White’s father, Stephen Uffelman, had been ordained at St. Andrew’s, and her parents had both served there as wardens. When Bishop Rustin Kimsey had church visitations in the area, he would stay with them overnight to take the pressure off from the two-hour trip to The Dalles. White remembered the bishop sharing with her about his experience at the Lambeth Conference of 1988, when she was 16 or 17. “That’s the first kind of clear sense that I had a call to the priesthood,” she said.

White paused in her Zoom conversation with TLC to check her text messages, then confirmed that she had gotten permission from Bishop of Eastern Oregon Patrick Bell to preach on October 15, her birthday, at St. Andrew’s. She was visibly moved by the prospect.

Despite the momentum toward ordained ministry throughout her childhood, White first spent nine years teaching high school writing. “And I have experienced that as very preparatory for my work in ministry, in a multitude of ways, both in order to organize thoughts and be clear about the purpose before us,” she said. She started a program where upper-class students would mentor new freshmen throughout the school year — sort of like formation for high school. The experience taught her how to “help lower the threshold to welcome folks in, and help them be incorporated into the life of the body,” she said.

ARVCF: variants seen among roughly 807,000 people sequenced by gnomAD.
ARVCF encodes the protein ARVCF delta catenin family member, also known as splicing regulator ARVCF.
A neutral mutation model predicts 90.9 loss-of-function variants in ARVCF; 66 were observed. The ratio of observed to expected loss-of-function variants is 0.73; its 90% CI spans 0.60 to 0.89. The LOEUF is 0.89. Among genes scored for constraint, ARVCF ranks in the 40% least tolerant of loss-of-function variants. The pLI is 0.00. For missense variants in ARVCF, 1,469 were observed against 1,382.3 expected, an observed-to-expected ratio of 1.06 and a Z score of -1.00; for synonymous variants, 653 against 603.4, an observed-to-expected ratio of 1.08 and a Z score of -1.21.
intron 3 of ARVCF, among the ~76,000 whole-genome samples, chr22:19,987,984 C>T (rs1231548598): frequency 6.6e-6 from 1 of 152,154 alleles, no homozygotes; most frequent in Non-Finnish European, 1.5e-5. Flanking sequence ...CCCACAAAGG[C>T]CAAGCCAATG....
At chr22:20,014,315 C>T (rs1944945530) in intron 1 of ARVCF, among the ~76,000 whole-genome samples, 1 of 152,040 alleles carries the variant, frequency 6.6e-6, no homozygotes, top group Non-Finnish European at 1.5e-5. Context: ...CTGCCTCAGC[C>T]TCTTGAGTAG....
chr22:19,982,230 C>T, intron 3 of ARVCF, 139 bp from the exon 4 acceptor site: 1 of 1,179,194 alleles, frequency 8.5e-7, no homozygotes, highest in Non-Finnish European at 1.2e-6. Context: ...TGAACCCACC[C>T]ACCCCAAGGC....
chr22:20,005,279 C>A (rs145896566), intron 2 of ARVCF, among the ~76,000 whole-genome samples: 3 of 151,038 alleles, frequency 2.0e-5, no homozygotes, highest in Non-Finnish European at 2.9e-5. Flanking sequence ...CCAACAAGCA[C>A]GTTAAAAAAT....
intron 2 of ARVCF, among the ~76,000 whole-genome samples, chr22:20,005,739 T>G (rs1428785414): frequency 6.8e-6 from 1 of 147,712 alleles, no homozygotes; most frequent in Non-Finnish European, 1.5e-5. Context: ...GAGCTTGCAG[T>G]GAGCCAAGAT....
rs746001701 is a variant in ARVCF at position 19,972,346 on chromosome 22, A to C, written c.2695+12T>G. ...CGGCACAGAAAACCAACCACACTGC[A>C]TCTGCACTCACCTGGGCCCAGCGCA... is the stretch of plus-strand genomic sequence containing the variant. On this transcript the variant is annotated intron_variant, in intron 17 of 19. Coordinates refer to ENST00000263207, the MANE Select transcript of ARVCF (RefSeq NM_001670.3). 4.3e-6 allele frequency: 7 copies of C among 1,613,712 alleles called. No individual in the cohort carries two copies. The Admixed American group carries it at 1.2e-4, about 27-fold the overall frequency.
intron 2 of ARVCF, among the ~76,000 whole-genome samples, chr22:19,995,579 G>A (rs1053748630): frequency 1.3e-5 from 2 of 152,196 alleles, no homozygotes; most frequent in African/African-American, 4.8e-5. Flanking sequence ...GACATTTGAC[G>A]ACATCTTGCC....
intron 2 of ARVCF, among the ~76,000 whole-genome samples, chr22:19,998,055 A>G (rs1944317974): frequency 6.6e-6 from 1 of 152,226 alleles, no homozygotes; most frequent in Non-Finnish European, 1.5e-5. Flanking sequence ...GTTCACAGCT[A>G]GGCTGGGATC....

When asked why she didn’t go straight into ministry, she said simply, “I wasn’t ready.” Fresh out of high school, she discovered a bit of a rebellious streak when she started studying toward an associate’s degree at Cottey College in Nevada, Missouri. “My great rebellion was going to be sleeping in on Sunday mornings. And I made it three weeks. And I felt like the liturgy was oxygen,” she said. “So the church has just always always been my home.”

She and her husband John White met at Western Oregon University, where she obtained a bachelor’s degree. She began to feel called to ministry again after the birth of their daughter, Katherine Grace, who was extremely premature — about 27 weeks. Bishop Kimsey visited her in the neonatal intensive care unit. She developed a close circle of friends at St. Timothy’s in Salem. One day while attending an ordination, “I couldn’t not see it. I had a profound experience of God’s presence and call to ordained ministry. And I didn’t know how it would work,” she said.